Accordingly, the Complainant needs first to make out a prima facie case that the Respondent lacks rights or legitimate interests in the Disputed Domain Name. “Upon such a showing, the burden [of production] shifts to Respondent to demonstrate its rights or legitimate interests in the Disputed Domain Names.” See Valero Energy Corporation and Valero Marketing and Supply Company v. Kim A Waugh, Kim Consult, WIPO Case No. D2014-1819.
In this case, the Panel finds that the Complainant has made a prima facie showing that the Respondent does not have rights or legitimate interests in the Disputed Domain Name within the meaning of paragraph 4(a)(iii) of the Policy.
This finding is inter alia based on the following, non-disputed, circumstances:
(1) The Respondent has no connection or affiliation with the Complainant, and the Respondent was never known by the Disputed Domain Name;
(2) The Respondent has never sought or obtained trademark registrations for MARLBORO;
(3) The Complainant has not licensed or otherwise permitted the Respondent to use the MARLBORO trademark;
(4) The Respondent’s use of the Disputed Domain Name is not in a bona fide offering of goods or services, and does not constitute any legitimate noncommercial or fair use.
In particular, the only use that the Respondent has made of <marlboro.host> has been to direct traffic to an inactive webpage stating “Sorry, we couldn’t find that page”, which is not considered a use of the disputed domain name in connection with a bona fide offering of goods or services.
As nothing in the record rebuts the Complainant’s prima facie case, the Panel finds that the second element of the Policy has been established.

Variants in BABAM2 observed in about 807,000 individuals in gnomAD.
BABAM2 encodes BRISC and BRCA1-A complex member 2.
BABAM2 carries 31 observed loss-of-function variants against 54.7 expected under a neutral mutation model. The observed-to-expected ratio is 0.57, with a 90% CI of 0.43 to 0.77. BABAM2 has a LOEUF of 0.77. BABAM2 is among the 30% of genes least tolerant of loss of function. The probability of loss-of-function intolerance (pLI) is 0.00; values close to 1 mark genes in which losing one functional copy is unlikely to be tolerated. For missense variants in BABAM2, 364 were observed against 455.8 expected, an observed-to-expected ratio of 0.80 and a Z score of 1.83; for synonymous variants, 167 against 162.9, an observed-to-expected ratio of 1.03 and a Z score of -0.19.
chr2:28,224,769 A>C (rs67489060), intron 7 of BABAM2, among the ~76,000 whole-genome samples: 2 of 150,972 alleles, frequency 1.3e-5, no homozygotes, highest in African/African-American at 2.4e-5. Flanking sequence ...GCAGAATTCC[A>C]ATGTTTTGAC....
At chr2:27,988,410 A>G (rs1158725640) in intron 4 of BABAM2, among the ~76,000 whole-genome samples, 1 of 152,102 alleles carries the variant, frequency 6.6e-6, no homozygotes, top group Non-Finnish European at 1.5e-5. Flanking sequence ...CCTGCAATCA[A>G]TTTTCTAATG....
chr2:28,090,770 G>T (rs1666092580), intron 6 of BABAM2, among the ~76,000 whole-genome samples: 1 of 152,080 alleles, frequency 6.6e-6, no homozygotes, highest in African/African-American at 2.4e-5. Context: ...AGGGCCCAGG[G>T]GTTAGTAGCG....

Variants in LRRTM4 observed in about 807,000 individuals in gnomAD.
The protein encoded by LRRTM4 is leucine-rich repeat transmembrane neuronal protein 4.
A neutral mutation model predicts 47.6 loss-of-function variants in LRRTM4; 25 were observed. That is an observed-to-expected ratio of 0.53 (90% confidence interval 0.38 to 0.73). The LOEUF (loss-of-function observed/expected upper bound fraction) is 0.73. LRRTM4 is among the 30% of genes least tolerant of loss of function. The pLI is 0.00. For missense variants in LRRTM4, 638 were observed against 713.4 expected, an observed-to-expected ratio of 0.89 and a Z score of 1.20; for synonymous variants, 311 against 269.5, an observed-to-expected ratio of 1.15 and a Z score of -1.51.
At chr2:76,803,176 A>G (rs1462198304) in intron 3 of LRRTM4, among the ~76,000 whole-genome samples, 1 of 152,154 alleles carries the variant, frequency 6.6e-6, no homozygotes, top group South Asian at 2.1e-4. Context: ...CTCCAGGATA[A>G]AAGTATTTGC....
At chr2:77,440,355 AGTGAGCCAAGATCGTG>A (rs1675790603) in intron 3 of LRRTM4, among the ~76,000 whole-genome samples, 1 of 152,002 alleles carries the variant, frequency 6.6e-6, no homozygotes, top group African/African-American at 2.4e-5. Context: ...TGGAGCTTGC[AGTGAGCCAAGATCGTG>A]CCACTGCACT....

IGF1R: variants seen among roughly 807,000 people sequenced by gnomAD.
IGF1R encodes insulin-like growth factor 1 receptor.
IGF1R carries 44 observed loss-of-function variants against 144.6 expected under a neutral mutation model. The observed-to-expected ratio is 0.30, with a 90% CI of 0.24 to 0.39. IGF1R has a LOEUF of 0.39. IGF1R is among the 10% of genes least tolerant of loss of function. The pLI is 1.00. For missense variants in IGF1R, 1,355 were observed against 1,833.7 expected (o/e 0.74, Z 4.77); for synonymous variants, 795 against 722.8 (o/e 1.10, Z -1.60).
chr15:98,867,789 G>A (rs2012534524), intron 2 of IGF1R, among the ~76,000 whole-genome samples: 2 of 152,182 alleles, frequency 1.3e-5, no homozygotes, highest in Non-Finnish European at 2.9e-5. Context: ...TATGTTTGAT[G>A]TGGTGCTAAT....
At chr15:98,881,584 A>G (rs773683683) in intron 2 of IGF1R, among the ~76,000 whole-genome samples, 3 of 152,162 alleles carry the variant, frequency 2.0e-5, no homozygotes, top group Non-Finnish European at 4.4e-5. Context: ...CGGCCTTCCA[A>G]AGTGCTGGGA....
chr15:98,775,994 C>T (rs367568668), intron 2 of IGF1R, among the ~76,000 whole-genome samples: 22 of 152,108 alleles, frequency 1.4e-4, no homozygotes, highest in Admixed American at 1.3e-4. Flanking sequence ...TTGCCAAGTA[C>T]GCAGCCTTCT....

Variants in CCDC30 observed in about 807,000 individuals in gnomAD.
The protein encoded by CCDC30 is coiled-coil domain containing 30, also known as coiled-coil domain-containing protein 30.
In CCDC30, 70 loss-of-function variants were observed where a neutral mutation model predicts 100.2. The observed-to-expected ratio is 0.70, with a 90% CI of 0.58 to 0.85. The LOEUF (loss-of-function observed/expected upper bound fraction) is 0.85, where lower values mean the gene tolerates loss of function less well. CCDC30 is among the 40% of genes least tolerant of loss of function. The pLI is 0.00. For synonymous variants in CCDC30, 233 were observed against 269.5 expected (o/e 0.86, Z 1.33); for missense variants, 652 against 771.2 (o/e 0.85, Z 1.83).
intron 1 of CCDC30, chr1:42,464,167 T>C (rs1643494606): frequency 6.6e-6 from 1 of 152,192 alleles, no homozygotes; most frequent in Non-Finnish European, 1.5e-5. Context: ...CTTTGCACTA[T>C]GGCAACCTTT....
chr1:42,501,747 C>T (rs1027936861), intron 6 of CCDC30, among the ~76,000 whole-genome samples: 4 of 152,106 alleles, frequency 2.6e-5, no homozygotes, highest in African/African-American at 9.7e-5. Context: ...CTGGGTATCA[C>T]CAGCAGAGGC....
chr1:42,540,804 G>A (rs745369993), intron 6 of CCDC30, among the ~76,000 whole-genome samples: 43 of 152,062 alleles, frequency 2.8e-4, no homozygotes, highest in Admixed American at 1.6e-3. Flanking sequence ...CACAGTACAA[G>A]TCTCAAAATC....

C. Registered and Used in Bad Faith
The Panel concludes that the requirements of paragraph 4(a)(iii) of the Policy have been sufficiently made out by the Complainant and that the Respondent’s bad faith registration and use of the Disputed Domain Name have been proven.
Paragraph 4(b) provides the following four (nonexclusive) circumstances which are deemed to provide evidence of bad faith in registering and using a Disputed Domain Name:
(i) Circumstances indicating that you [Respondent] have registered or you [Respondent] have acquired the Domain Name primarily for the purpose of selling, renting, or otherwise transferring the Domain Name registration to the Complainant who is the owner of the trade mark or service mark, or to a competitor of the Complainant, for valuable consideration in excess of your documented out-of-pocket costs directly related to the Domain Name; or
(ii) You [Respondent] have registered the Domain Name in order to prevent the owner of the trade mark or service mark from reflecting the mark in a corresponding Domain Name, provided that you have engaged in a pattern of such conduct; or
(iii) You [Respondent] have registered the Domain Name primarily for the purpose of disrupting the business of a competitor; or
(iv) By using the Domain Name, you [Respondent] have intentionally attempted to attract, for commercial gain, Internet users to your web site or other online location, by creating a likelihood of confusion with Complainant’s mark as to the source, sponsorship, affiliation, or endorsement of your web site or location or of a product or service on your web site or your location.